If you do any type of sport you probably know a bit about the concept of recovery. To give an extremely simple explanation of recovery in sport in case you don’t know what it is: it’s what you do in between training sessions to feel ready to train again. Examples of what you can do to recover well: you get enough sleep, you eat well, you put enough time between training sessions to let your muscle repair itself, you rest for your mental wellbeing, etc. There is way more to it, and you will learn more about recovery in powerlifting if you read this blog series whether you like it or not, but I promise the info I’ll give you will be useful when we apply it to recovery in software development.
What’s important to know for now is that there is more than one type of recovery and you need to employ more than one type in order for it to be effective. If you are serious about a sport, it’s not enough to just sleep well but then eat like garbage. You can’t be an athlete on a McDonald’s diet, basically. Makes sense, yeah?
Okay, so let’s make the jump to software development. Most of us are pretty serious about our job, yet we only get very limited options when it comes to recovery, the most obvious one being: free time between work days (evenings/nights on weekdays + the weekend). We use this time to sleep, eat, and do all the other things normal humans do. The line between work- and non-work time has blurred more and more since the Global Panini (Pandemic == Panini, thanks Tristan Lombard for coining this term, you rock!). Because of this, people find it hard to even get proper rest between work sessions because it’s unclear that there’s a boundary.
There are also some perverse anti-recovery notions in the way we work. I want to take the time to address these issues as well in this series. I will shit a lot on Scrum, is a teaser I can give you now.
The problem I’m seeing is that the lack of work-related recovery does many people harm. I personally have felt depressed and burned-out because of it, because I could never “switch off”. This was before I started powerlifting and before I learned about recovery in sports. Now that I know about this and how incredibly important it is, it’s painfully clear to me that many people don’t know about this and I would love to fill in the gaps.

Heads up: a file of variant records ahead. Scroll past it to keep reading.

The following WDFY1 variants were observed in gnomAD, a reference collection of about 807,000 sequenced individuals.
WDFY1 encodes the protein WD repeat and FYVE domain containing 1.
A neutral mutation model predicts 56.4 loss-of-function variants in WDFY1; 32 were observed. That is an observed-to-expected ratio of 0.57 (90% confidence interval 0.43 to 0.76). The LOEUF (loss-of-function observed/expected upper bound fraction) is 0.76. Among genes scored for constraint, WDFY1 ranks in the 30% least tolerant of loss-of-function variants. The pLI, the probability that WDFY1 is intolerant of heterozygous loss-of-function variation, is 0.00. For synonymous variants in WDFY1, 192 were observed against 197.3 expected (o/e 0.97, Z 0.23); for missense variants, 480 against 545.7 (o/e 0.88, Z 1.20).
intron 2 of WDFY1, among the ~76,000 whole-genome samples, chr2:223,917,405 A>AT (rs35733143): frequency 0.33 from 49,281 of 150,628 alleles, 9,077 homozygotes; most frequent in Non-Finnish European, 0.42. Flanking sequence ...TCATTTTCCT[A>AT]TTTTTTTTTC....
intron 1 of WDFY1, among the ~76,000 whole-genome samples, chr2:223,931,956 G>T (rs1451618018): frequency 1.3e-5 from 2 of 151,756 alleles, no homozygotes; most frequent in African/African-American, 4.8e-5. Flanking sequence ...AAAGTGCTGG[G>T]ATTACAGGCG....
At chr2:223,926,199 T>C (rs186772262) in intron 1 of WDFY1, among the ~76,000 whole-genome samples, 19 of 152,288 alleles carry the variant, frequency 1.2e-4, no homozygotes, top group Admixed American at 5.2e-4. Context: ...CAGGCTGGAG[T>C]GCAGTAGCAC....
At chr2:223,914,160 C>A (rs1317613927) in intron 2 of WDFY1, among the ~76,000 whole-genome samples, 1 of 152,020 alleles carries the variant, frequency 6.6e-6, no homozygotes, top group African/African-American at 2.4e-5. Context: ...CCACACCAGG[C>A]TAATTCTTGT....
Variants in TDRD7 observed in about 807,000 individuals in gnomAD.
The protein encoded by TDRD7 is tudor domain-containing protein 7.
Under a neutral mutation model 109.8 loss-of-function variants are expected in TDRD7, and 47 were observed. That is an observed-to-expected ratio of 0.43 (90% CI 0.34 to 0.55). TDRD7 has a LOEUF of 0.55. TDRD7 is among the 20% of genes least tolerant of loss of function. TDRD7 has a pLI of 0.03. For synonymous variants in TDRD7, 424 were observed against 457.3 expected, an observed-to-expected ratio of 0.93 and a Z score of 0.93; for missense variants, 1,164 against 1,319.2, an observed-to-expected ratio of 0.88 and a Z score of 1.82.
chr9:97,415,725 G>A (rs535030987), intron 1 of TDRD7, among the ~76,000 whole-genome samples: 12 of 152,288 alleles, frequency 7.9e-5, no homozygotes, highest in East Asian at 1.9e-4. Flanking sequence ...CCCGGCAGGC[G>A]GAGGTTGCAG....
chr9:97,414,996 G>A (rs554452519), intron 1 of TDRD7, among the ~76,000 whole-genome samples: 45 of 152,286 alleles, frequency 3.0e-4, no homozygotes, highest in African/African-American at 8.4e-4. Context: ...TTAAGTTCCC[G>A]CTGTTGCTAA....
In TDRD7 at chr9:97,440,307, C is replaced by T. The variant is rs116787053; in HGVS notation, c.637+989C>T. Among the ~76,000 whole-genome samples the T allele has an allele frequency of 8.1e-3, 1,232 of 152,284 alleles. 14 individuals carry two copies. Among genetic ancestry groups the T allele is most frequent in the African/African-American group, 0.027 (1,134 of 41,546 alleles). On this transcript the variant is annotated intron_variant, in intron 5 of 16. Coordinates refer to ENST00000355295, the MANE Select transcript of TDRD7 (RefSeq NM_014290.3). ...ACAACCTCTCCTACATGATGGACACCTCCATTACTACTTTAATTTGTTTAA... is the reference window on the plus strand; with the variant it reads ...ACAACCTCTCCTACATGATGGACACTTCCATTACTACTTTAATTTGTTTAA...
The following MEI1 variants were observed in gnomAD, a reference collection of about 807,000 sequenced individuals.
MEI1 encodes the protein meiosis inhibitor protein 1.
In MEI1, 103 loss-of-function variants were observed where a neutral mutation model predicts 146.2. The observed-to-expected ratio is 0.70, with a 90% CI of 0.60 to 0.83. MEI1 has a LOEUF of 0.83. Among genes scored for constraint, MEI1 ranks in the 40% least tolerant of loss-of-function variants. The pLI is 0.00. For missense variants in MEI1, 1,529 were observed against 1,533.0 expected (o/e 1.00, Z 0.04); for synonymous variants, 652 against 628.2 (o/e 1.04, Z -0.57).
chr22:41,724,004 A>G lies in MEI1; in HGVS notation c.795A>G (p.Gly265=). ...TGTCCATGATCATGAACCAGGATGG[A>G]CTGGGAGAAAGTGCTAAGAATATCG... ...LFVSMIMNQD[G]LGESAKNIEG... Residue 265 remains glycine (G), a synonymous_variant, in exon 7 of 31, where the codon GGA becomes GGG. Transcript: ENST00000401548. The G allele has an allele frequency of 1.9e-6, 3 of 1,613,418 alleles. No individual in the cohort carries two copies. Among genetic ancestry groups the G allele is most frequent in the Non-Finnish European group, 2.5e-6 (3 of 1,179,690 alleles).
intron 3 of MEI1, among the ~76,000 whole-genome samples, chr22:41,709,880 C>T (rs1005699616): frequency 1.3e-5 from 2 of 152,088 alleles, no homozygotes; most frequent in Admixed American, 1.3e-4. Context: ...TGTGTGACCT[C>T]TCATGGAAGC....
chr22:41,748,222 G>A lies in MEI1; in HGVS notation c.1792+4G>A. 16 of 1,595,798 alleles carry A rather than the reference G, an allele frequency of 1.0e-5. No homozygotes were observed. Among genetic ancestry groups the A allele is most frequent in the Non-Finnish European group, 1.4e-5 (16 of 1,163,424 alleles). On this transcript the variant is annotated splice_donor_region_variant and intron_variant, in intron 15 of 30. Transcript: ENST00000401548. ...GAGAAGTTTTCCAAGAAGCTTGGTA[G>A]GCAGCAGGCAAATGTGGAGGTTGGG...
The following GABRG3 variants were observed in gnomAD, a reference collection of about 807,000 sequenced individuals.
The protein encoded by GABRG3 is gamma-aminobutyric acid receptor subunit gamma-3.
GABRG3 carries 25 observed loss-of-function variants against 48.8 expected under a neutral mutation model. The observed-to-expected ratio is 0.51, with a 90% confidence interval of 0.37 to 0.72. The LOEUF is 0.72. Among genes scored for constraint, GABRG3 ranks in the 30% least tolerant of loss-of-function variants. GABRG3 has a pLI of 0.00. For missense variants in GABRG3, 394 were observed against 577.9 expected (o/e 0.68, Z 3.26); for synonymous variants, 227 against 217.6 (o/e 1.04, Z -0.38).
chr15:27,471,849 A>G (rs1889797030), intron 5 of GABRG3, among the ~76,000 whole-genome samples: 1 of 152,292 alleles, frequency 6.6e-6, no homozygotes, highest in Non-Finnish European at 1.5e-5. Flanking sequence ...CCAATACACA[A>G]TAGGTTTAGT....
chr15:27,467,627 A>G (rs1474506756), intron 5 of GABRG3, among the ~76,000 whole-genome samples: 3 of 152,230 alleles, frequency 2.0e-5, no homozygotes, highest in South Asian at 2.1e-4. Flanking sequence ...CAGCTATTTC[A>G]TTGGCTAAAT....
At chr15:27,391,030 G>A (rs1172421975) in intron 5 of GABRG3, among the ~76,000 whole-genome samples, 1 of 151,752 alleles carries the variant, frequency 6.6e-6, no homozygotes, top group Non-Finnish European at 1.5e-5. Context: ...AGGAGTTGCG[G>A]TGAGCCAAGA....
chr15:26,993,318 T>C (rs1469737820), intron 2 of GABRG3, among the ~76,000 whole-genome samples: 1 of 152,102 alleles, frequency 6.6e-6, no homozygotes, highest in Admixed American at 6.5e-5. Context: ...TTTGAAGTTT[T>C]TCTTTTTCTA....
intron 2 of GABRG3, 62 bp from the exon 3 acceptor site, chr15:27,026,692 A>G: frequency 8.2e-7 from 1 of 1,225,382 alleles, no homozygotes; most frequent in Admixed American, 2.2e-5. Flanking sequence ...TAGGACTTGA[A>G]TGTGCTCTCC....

In the end, I would love to see more than one type of recovery in software development. The world would be better off when people are happy and can sustain their working-pace and have time to recover properly. I don’t dare to say anything about how it might improve productivity and I don’t want to because productivity as a term can fuck right off, in my opinion. The goal is not to squeeze out as much productivity as we can, no, it’s the inverse of that: how can we make sure that people are feeling good and see what happens then?
Before going into the topic at hand, I just want to make a remark about how good we still have it as software developers compared to other industries. You have probably heard that people working in an Amazon warehouse are barely allowed to have bathroom breaks and their every move is monitored closely, often with an app that they’re forced to install. To me this is basically modern slavery and absolutely disgusting.
Crap like this can creep up into our work-sphere too, maybe if your computer is being monitored for “productivity”? That will probably give you stress and this is a clear example of an anti-recovery measure. Stress is very bad for your health in the long term. And this is important to realise: recovery isn’t just for the short term, it’s also about the long term outlook. I presume you want to work for a long time, so your health (mental and physical) needs to be good enough to sustain this.
So, to conclude this first blogpost in the series on recovery in software development I want you to remember this: recovery is required for our short term and long term outlook. It’s not enough to “sleep 8 hours” between workdays if work is stressing you out, you can still get a burn-out long term.
The first in-depth topic for next post will be MRV: Maximum Recoverable Volume. This is a concept from strength training recovery and it will illustrate the differences in recovery every individual needs. Not everyone needs the same amount of recovery and some people are more resilient.
I hope to see you there!